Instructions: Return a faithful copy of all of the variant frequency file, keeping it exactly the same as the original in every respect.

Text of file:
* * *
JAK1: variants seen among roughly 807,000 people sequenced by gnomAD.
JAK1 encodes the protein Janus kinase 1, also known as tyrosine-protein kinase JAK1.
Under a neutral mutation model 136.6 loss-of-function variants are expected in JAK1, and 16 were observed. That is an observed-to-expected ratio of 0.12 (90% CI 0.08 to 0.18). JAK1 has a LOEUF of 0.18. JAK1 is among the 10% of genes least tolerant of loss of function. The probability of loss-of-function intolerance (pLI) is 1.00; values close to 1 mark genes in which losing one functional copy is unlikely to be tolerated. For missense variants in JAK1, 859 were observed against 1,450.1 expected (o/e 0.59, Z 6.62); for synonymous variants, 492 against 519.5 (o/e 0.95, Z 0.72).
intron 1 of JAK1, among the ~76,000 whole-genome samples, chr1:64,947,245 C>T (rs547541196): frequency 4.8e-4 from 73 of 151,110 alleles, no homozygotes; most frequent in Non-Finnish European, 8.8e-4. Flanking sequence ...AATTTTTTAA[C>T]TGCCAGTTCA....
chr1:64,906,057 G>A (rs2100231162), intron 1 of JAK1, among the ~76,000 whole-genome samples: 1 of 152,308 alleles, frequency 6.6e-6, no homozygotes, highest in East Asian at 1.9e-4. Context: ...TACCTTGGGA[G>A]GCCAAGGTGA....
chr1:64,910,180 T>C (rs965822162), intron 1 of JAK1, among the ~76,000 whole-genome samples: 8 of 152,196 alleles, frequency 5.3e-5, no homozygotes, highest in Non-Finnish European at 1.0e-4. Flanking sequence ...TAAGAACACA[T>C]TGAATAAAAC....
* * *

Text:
JAK1: variants seen among roughly 807,000 people sequenced by gnomAD.
JAK1 encodes the protein Janus kinase 1, also known as tyrosine-protein kinase JAK1.
Under a neutral mutation model 136.6 loss-of-function variants are expected in JAK1, and 16 were observed. That is an observed-to-expected ratio of 0.12 (90% CI 0.08 to 0.18). JAK1 has a LOEUF of 0.18. JAK1 is among the 10% of genes least tolerant of loss of function. The probability of loss-of-function intolerance (pLI) is 1.00; values close to 1 mark genes in which losing one functional copy is unlikely to be tolerated. For missense variants in JAK1, 859 were observed against 1,450.1 expected (o/e 0.59, Z 6.62); for synonymous variants, 492 against 519.5 (o/e 0.95, Z 0.72).
intron 1 of JAK1, among the ~76,000 whole-genome samples, chr1:64,947,245 C>T (rs547541196): frequency 4.8e-4 from 73 of 151,110 alleles, no homozygotes; most frequent in Non-Finnish European, 8.8e-4. Flanking sequence ...AATTTTTTAA[C>T]TGCCAGTTCA....
chr1:64,906,057 G>A (rs2100231162), intron 1 of JAK1, among the ~76,000 whole-genome samples: 1 of 152,308 alleles, frequency 6.6e-6, no homozygotes, highest in East Asian at 1.9e-4. Context: ...TACCTTGGGA[G>A]GCCAAGGTGA....
chr1:64,910,180 T>C (rs965822162), intron 1 of JAK1, among the ~76,000 whole-genome samples: 8 of 152,196 alleles, frequency 5.3e-5, no homozygotes, highest in Non-Finnish European at 1.0e-4. Flanking sequence ...TAAGAACACA[T>C]TGAATAAAAC....